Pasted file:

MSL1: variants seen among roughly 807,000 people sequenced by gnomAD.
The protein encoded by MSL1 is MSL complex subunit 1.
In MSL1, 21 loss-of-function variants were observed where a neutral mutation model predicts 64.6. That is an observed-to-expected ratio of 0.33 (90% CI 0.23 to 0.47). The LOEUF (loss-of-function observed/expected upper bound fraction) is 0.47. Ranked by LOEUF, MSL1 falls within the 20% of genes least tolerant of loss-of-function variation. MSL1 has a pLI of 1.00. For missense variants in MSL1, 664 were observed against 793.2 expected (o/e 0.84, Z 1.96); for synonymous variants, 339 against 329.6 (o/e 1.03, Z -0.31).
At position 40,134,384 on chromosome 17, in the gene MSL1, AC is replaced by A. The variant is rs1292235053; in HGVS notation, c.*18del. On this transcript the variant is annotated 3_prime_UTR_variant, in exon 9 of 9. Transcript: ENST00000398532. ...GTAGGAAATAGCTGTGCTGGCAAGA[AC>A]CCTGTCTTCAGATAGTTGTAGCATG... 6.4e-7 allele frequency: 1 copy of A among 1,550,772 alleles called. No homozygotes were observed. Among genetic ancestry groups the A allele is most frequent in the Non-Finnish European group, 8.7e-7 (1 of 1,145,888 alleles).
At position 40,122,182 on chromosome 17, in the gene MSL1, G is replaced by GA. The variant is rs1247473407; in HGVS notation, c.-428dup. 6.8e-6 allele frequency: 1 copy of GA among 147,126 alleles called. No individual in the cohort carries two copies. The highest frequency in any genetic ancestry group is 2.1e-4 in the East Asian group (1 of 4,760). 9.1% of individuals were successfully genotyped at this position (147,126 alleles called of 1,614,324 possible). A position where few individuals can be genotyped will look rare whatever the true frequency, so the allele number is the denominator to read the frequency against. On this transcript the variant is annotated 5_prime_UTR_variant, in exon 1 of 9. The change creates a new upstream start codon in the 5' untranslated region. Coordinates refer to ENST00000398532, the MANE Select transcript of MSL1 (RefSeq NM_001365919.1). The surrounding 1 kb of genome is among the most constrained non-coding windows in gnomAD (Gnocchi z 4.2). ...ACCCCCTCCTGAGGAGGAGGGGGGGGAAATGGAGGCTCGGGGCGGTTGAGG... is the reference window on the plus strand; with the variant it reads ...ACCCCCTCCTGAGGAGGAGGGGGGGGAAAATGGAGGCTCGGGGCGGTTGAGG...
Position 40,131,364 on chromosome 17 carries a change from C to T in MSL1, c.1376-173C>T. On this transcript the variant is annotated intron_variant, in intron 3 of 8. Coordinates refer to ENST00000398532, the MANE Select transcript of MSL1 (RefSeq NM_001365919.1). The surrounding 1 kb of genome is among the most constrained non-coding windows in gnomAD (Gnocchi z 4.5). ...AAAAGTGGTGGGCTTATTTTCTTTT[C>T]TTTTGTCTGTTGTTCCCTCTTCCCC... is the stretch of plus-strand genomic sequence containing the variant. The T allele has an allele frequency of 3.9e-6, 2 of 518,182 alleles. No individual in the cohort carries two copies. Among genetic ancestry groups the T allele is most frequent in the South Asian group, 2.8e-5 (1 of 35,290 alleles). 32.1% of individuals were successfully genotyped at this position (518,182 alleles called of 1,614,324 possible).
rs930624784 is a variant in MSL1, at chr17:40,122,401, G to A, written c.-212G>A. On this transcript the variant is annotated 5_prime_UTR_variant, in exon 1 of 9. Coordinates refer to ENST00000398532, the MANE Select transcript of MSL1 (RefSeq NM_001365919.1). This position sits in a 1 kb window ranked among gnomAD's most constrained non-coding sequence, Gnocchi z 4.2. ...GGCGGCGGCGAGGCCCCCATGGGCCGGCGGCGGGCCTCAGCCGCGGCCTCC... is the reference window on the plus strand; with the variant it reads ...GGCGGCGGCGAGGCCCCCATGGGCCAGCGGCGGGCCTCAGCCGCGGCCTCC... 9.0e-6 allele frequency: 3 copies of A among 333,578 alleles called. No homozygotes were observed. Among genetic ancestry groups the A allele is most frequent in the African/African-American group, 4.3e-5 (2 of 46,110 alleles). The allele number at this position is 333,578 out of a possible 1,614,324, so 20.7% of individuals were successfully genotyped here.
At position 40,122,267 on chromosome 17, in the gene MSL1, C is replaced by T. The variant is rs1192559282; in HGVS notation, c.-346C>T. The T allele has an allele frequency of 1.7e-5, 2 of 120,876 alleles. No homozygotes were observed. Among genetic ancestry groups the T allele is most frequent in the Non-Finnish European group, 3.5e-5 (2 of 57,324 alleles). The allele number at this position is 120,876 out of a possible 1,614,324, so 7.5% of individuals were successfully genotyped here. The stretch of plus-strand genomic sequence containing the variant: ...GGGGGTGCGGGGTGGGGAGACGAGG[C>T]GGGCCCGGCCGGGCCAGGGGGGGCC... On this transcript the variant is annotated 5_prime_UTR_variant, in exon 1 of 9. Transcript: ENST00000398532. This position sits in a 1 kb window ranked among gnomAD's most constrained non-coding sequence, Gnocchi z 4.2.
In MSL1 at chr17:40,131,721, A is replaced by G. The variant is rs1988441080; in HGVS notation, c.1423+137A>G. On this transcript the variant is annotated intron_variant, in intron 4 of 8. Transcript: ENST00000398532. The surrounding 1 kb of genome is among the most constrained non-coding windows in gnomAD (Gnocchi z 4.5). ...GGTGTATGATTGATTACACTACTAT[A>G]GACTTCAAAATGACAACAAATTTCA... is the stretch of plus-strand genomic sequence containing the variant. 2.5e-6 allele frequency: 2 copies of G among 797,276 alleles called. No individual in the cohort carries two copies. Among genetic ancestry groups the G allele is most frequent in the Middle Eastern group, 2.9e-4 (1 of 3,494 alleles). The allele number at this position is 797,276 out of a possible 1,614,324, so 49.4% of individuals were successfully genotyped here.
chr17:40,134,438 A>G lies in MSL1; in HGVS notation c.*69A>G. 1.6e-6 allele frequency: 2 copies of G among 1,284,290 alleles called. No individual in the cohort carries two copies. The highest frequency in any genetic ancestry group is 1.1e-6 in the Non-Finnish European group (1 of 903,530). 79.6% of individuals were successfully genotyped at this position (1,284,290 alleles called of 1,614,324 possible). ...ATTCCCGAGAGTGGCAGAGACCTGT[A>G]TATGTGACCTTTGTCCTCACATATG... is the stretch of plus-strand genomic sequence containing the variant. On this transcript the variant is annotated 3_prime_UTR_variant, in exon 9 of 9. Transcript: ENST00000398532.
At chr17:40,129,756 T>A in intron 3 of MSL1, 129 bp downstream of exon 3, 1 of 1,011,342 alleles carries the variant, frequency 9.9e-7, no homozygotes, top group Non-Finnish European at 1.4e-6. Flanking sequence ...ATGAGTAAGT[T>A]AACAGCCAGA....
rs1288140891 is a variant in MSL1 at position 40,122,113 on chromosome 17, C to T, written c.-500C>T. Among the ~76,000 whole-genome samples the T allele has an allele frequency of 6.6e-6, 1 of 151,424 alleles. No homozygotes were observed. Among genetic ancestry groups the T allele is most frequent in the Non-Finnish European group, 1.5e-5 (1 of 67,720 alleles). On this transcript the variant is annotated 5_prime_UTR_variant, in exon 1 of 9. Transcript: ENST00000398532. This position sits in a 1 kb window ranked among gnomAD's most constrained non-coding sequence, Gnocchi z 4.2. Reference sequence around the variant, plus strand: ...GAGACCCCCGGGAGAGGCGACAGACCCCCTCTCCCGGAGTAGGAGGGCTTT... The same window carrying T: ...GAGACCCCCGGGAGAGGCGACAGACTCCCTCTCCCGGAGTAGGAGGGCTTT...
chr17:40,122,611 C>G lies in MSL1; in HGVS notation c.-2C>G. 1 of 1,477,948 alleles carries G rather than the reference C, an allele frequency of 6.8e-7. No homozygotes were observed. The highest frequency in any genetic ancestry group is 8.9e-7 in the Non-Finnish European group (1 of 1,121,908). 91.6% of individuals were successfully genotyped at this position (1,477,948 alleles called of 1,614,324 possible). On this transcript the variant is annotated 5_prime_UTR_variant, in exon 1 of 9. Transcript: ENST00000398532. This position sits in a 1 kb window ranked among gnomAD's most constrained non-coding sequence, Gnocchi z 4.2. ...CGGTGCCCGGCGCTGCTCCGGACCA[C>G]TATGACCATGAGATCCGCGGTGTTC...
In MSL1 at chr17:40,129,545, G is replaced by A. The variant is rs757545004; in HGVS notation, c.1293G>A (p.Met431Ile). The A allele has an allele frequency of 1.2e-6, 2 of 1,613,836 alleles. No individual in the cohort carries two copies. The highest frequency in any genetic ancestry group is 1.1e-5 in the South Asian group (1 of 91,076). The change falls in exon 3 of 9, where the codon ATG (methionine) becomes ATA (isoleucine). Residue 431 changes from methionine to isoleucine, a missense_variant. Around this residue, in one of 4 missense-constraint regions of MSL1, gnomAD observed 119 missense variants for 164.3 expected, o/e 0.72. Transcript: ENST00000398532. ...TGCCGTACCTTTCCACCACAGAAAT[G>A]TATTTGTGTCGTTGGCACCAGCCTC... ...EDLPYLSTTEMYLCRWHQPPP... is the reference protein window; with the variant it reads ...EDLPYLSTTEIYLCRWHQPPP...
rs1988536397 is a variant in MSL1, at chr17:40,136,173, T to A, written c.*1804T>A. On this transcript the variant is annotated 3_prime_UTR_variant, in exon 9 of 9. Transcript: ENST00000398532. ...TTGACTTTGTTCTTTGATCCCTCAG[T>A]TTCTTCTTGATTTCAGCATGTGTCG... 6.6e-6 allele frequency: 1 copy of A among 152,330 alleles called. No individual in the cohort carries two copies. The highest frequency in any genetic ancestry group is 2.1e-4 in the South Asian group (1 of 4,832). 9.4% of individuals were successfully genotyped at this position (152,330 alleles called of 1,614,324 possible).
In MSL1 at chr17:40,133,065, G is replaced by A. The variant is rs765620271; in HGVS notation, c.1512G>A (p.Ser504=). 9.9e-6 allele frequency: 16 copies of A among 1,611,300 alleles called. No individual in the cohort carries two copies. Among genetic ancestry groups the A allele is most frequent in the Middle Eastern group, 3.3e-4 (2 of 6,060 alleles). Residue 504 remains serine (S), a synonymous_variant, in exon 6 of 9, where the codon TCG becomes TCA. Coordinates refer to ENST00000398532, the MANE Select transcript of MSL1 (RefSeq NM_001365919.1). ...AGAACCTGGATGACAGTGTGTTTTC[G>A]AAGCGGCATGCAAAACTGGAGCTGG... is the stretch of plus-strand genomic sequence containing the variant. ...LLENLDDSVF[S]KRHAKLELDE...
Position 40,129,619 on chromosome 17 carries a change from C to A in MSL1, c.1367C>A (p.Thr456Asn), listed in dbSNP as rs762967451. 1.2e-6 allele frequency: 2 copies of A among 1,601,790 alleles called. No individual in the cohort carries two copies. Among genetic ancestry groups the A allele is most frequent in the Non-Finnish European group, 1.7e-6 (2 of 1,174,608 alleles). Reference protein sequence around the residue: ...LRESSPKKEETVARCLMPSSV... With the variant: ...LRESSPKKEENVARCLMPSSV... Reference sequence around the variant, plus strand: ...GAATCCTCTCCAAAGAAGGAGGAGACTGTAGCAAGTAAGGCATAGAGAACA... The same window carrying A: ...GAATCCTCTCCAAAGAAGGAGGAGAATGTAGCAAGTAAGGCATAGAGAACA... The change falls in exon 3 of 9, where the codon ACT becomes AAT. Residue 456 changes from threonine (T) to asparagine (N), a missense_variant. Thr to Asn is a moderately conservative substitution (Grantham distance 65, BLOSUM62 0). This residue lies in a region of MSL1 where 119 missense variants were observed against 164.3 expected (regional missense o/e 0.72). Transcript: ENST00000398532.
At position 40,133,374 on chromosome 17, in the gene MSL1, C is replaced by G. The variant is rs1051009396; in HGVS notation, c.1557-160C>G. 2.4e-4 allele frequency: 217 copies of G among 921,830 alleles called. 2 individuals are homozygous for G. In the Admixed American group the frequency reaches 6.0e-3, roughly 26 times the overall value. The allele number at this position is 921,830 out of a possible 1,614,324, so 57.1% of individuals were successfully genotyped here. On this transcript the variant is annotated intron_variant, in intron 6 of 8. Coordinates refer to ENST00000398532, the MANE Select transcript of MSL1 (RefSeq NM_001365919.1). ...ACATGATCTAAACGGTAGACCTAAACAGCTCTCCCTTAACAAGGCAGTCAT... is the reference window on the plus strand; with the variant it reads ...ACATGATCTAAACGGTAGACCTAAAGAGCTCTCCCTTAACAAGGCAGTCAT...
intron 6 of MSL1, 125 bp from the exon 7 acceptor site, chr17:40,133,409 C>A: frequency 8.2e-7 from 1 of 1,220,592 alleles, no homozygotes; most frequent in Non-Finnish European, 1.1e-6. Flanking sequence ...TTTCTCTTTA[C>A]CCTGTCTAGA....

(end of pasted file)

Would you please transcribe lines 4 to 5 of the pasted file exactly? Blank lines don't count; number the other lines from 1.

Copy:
At position 40,134,384 on chromosome 17, in the gene MSL1, AC is replaced by A. The variant is rs1292235053; in HGVS notation, c.*18del. On this transcript the variant is annotated 3_prime_UTR_variant, in exon 9 of 9. Transcript: ENST00000398532. ...GTAGGAAATAGCTGTGCTGGCAAGA[AC>A]CCTGTCTTCAGATAGTTGTAGCATG... 6.4e-7 allele frequency: 1 copy of A among 1,550,772 alleles called. No homozygotes were observed. Among genetic ancestry groups the A allele is most frequent in the Non-Finnish European group, 8.7e-7 (1 of 1,145,888 alleles).
At position 40,122,182 on chromosome 17, in the gene MSL1, G is replaced by GA. The variant is rs1247473407; in HGVS notation, c.-428dup. 6.8e-6 allele frequency: 1 copy of GA among 147,126 alleles called. No individual in the cohort carries two copies. The highest frequency in any genetic ancestry group is 2.1e-4 in the East Asian group (1 of 4,760). 9.1% of individuals were successfully genotyped at this position (147,126 alleles called of 1,614,324 possible). A position where few individuals can be genotyped will look rare whatever the true frequency, so the allele number is the denominator to read the frequency against. On this transcript the variant is annotated 5_prime_UTR_variant, in exon 1 of 9. The change creates a new upstream start codon in the 5' untranslated region. Coordinates refer to ENST00000398532, the MANE Select transcript of MSL1 (RefSeq NM_001365919.1). The surrounding 1 kb of genome is among the most constrained non-coding windows in gnomAD (Gnocchi z 4.2). ...ACCCCCTCCTGAGGAGGAGGGGGGGGAAATGGAGGCTCGGGGCGGTTGAGG... is the reference window on the plus strand; with the variant it reads ...ACCCCCTCCTGAGGAGGAGGGGGGGGAAAATGGAGGCTCGGGGCGGTTGAGG...